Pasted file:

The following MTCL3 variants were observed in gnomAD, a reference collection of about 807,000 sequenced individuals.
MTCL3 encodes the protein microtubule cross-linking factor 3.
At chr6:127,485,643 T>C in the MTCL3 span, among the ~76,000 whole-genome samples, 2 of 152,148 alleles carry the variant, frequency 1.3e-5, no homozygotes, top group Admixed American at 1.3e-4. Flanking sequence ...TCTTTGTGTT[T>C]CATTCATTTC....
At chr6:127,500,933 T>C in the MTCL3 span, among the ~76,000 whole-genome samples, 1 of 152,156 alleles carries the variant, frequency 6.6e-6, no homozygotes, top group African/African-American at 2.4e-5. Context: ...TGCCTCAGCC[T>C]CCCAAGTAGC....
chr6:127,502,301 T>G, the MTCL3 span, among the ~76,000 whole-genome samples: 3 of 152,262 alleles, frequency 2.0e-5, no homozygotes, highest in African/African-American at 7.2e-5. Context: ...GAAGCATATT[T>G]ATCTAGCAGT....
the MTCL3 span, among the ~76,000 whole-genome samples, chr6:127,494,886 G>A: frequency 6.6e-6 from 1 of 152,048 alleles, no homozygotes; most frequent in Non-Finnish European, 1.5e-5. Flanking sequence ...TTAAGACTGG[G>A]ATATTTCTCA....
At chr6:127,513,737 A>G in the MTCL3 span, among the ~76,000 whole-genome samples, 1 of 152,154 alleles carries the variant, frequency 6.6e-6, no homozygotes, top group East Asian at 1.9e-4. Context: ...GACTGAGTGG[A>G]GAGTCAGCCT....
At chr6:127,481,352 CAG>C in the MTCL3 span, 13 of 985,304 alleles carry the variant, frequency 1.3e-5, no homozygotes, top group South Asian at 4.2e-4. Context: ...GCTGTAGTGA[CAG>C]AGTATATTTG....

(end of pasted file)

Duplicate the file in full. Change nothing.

The following MTCL3 variants were observed in gnomAD, a reference collection of about 807,000 sequenced individuals.
MTCL3 encodes the protein microtubule cross-linking factor 3.
At chr6:127,485,643 T>C in the MTCL3 span, among the ~76,000 whole-genome samples, 2 of 152,148 alleles carry the variant, frequency 1.3e-5, no homozygotes, top group Admixed American at 1.3e-4. Flanking sequence ...TCTTTGTGTT[T>C]CATTCATTTC....
At chr6:127,500,933 T>C in the MTCL3 span, among the ~76,000 whole-genome samples, 1 of 152,156 alleles carries the variant, frequency 6.6e-6, no homozygotes, top group African/African-American at 2.4e-5. Context: ...TGCCTCAGCC[T>C]CCCAAGTAGC....
chr6:127,502,301 T>G, the MTCL3 span, among the ~76,000 whole-genome samples: 3 of 152,262 alleles, frequency 2.0e-5, no homozygotes, highest in African/African-American at 7.2e-5. Context: ...GAAGCATATT[T>G]ATCTAGCAGT....
the MTCL3 span, among the ~76,000 whole-genome samples, chr6:127,494,886 G>A: frequency 6.6e-6 from 1 of 152,048 alleles, no homozygotes; most frequent in Non-Finnish European, 1.5e-5. Flanking sequence ...TTAAGACTGG[G>A]ATATTTCTCA....
At chr6:127,513,737 A>G in the MTCL3 span, among the ~76,000 whole-genome samples, 1 of 152,154 alleles carries the variant, frequency 6.6e-6, no homozygotes, top group East Asian at 1.9e-4. Context: ...GACTGAGTGG[A>G]GAGTCAGCCT....
At chr6:127,481,352 CAG>C in the MTCL3 span, 13 of 985,304 alleles carry the variant, frequency 1.3e-5, no homozygotes, top group South Asian at 4.2e-4. Context: ...GCTGTAGTGA[CAG>C]AGTATATTTG....